Reviewby Carl Kimlinger,
DVD 3 - Master & Servant
Saber strikes off on her own briefly in order to face off with Assassin, who guards the steps to the town temple, and Shirou is less than pleased. The clash of wills leads both to a deeper understanding of the other, solidifying their tentative partnership. In order to prepare him for his role, Rin and Saber begin to train him in the realities of magical and physical battle. Shirou has a brief but puzzling encounter with Illya, Berserker's Master, while Rin coldly rejects the advances of Rider's Master, Shinji, who—in an attempt to prove himself—begins a series of increasingly intense confrontations with Shirou and Saber.
It was partway through the second volume when it became clear that it was time to stop waiting for Shirou to spontaneously sprout a personality and begin focusing on the far more interesting Saber, Archer, and Rin. And they were more than enough to keep the story afloat. Heck, Saber alone is worth the price of admission. So it's ironic (and strangely appropriate given the show's stubbornly unhurried pace) that the abandoned hope is fulfilled immediately thereafter in this third volume.
The supporting cast of one-note stereotypes and their tiresome antics have always been one of the show's great drawbacks, so it's a relief that the cast has been stripped to its core players for this stage of the story. Saber and Shirou take center stage, almost to the exclusion of all other characters, as the trust and understanding between them grows. Narrowing the cast has downsides of course; Rin only gets token screen time, while Archer is woefully neglected. But Illya is thankfully showing the first signs that she's more than yet another giggling little-girl villain, and Fuji-nee's only substantial appearance is a gut-punch flashback during Shinji and Shirou's confrontation that precipitates an unprecedented reaction from Shirou. The confrontation between Shirou and Shinji demonstrates just how far Shirou has come in reconciling his desire to protect people with the necessities of battle, as well as the satisfying results of his training with Saber and Rin. He says and does some rather shocking things, which boots his rear another notch or two up the Interest-o-Meter.
Rider and Saber's battles also provide the show with its first decisive Servant clash, and the results are positively exhilarating, cementing Saber's status as one of the coolest heroines to come down the anime turnpike in quite some time. The stripped-down focus of these episodes also pushes the pacing of the show firmly over the line dividing "sluggish" from "deliberate," while Shiro's acclimatization to the necessities of combat and his relationship with Saber leave one, for the first time, feeling optimistic about the various possibilities for future drama.
The series' focus on atmosphere hasn't abated in the least. The settings—Shirou's lonely, sprawling mansion, a dead forest of skeletonized trees, the eventide hallways of the school—are as evocative as ever, and as always the entire show takes place either in ghostly moonlight or the golden opulence of sunrise and sunset. For every mildly unsightly shortcut taken, there's a moment of breathtaking animation prowess to balance it out, particularly during the swift, dynamic Servant battles. A retreating dolly down the blood-red school hall as Shinji calls out to Rider is a standout, and the moment in which Saber finally unsheathes her sword is spectacular in the truest cinematic sense. The common budget-preserving tricks of focusing on incidental scenery while events occur off-screen, and mouth-obscuring off-center compositions actually boost the show's overall atmosphere. The Servants are still stunning in their elaborate battle dress—exotic, exciting and beautiful, regardless of sex or narrative importance. Archer is still the most attractive of all, making his sadly truncated role in this volume all the more painful, while Saber's seamless color scheme, beautiful, smoothly functional armor design, and fierce yet feminine strength pushes her beyond merely appealing to something approaching iconic.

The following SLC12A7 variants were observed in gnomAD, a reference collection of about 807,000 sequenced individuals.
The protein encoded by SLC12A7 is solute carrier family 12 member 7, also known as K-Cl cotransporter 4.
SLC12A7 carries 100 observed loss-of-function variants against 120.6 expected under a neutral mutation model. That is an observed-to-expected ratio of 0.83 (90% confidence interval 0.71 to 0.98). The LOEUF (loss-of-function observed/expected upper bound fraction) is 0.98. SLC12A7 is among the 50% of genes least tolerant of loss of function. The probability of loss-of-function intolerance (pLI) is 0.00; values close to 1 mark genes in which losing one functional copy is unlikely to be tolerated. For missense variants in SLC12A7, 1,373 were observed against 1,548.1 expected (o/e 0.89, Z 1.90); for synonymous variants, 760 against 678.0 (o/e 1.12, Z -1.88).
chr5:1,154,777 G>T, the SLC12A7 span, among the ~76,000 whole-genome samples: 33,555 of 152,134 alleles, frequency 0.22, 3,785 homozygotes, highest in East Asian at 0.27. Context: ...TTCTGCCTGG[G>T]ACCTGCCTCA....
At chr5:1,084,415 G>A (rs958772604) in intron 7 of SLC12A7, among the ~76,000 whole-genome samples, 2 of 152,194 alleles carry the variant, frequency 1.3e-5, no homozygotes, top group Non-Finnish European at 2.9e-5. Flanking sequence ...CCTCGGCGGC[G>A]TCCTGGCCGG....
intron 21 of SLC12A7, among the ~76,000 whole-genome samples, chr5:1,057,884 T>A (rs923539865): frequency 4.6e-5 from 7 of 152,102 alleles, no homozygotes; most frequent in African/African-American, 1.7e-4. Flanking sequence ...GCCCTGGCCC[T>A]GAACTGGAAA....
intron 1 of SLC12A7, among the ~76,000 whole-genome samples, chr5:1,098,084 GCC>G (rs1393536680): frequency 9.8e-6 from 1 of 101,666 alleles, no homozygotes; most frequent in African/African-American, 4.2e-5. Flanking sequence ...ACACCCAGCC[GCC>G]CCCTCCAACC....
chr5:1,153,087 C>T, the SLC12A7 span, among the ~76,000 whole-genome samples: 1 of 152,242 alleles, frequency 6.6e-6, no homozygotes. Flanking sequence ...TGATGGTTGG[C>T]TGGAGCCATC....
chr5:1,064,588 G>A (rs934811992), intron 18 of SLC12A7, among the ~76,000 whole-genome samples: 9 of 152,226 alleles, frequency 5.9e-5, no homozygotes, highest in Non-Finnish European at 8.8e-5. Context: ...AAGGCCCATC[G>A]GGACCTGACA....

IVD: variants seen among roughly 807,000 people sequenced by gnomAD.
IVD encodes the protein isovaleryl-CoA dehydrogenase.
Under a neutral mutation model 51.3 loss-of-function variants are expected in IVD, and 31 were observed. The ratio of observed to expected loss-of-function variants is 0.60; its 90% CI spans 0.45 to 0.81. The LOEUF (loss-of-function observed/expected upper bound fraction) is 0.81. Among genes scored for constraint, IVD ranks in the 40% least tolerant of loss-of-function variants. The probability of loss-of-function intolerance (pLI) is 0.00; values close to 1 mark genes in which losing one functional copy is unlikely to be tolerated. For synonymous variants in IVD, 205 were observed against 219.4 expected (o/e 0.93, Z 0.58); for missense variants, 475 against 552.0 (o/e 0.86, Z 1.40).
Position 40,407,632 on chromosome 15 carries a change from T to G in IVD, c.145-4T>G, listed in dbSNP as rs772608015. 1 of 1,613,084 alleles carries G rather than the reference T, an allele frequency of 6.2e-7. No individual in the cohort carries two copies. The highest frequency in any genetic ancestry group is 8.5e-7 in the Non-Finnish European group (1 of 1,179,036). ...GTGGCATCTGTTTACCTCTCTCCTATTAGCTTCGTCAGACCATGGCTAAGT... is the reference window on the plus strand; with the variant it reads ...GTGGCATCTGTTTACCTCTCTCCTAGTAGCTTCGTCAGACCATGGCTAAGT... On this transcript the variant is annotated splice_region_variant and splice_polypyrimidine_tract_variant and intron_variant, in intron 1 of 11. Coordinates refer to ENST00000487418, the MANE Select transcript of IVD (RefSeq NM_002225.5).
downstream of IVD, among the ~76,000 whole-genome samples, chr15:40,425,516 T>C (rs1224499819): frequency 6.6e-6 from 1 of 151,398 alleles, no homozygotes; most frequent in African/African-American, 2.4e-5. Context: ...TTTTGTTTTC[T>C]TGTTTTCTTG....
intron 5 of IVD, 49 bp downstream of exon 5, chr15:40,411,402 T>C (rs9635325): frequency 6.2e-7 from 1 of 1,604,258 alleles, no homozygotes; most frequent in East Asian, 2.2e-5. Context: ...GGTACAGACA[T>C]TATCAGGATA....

Kenji Kawai shows his experience here; everything from the portentous chiming of the ominous main theme, to the full-bodied action score and use of quietly insinuating wordless vocals is carefully tuned to support every aspect of the series. The music is so perfectly suited to the visuals that it doesn't even matter that the score is virtually continuous, with nary a moment of silence.
The quality of the dub hasn't changed much since the first volume, which means that it will still satisfy the majority of dub fans, but will convert no one. It retains terms like sempai and Fuji-nee, rarely strays further from the subtitles than lip-flaps require, and is sufficiently well-acted. Shirou's intensity during battle comes across well, even if he's a little weak-sounding the remainder of the time.
There're only two extras on this disc. The Music CM's are actually little music videos for the TV-Sized intro and outro themes, while Rider's Diary is an English-only (strangely, all the on-screen text is in Japanese) account of Rider's private impressions of her Master, and is absolutely priceless.
This volume packs in three spectacular battles, multiple instances of incremental character development, and enough pure atmosphere to patch a hole in the ozone, all without once betraying the series' coldly deliberate pacing. The only thing it has to do now is keep it up. Oh, and give us more Archer.
Overall (dub) : B+
Overall (sub) : B+
Story : B
Animation : B+
Art : A-
Music : A-
+ Shirou gains strength as a hero; weak supporting cast is blessedly MIA; Saber is as overpoweringly cool as ever.
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